Wayback Machine


When I lived in Chicago I had a few jobs and more than one of those jobs provided me with an office. The best office (pictured above), hands down, was a corner office that overlooked Michigan Avenue. You could clearly see down Michigan Avenue and catch spectacular views of the Wrigley Building, the Hancock Tower and the Chicago River. In the summers, you could hear the screaming engines of fighter jets practicing for the annual Air and Water Show.

It was a great office – from its location away from the rest of my co-workers and proximity to the “side door” entrance/exit, the building’s prime location along Wacker/Michigan, and the bus stop right outside which took me up Michigan Ave., down Lake Shore Drive and back to the North Side of Chicago.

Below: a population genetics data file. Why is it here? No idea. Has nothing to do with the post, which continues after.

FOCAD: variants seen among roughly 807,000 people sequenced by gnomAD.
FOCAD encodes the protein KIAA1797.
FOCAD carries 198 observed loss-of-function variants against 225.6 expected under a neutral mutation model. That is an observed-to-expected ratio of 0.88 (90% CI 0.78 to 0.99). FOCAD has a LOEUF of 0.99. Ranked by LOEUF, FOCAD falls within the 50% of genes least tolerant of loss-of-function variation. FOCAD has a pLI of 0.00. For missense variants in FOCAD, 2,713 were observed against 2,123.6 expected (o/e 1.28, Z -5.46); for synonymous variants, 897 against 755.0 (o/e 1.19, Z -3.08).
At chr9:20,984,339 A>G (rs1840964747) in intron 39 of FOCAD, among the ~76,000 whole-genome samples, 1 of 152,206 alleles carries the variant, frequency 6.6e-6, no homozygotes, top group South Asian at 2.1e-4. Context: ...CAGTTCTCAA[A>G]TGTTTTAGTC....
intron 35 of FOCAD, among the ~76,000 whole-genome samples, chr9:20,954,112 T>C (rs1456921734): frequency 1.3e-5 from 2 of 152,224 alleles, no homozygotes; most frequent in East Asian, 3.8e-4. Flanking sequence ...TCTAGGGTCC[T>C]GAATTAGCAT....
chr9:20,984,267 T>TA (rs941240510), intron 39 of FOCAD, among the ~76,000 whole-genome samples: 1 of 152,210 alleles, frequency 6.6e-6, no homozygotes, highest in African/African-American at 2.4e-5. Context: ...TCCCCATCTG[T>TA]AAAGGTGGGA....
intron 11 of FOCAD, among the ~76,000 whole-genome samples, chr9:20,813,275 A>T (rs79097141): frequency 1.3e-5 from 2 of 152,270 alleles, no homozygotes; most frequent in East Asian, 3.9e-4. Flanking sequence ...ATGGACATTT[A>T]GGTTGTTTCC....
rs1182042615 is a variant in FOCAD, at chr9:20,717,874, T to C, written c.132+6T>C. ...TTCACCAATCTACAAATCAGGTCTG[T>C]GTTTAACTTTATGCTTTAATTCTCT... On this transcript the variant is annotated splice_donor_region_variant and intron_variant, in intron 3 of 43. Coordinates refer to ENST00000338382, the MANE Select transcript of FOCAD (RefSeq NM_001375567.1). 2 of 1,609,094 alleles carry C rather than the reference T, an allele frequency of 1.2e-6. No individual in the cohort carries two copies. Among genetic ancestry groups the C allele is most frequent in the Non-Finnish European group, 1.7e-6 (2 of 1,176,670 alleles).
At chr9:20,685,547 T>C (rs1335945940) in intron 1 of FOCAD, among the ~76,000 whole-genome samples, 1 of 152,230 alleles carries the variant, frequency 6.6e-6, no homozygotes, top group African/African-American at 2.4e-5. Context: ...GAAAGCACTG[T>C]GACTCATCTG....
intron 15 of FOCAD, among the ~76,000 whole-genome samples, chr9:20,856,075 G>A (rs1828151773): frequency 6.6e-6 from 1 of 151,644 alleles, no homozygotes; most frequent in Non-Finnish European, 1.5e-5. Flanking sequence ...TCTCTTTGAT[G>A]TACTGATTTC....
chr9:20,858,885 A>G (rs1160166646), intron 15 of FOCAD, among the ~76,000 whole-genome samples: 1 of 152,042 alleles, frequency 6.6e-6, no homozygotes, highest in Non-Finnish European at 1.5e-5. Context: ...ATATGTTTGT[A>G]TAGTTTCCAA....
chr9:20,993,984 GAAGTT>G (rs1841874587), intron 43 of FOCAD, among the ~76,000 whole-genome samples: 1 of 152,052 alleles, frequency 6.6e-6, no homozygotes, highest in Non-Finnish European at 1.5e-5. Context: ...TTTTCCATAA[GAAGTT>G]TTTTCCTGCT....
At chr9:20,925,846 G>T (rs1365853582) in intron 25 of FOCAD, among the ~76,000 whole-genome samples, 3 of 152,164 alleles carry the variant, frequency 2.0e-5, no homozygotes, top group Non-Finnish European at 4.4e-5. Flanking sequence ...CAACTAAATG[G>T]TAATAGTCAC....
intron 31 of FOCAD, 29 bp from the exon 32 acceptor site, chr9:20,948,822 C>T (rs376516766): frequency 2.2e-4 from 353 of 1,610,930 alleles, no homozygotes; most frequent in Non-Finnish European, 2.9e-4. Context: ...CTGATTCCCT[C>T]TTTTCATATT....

New York City has been a different story and once again, as is often the case, it comes down to real estate. My first job in NYC consisted of sitting in a dimly lit cube farm where you could hear everything – from the adjacent cubes to the offices that surrounded the perimeter of the floor. Although there is an abundance of natural light at my current job, I am once again relegated to a cubical. Despite the fact that it is a much more quiet environment that the previous one, there is still little possibility of an office in the near future. First of all, there are way too many employees and being a large corporation, a long pecking order before I would even be considered for one. My boss doesn’t even have one! You have to be at least a VP to get an office and that could take a while. Secondly, they just don’t have the space that Chicago does and limited space means limited opportunities for having your own office, despite years of work experience, multiple academic degrees or even’s one’s title in some cases.


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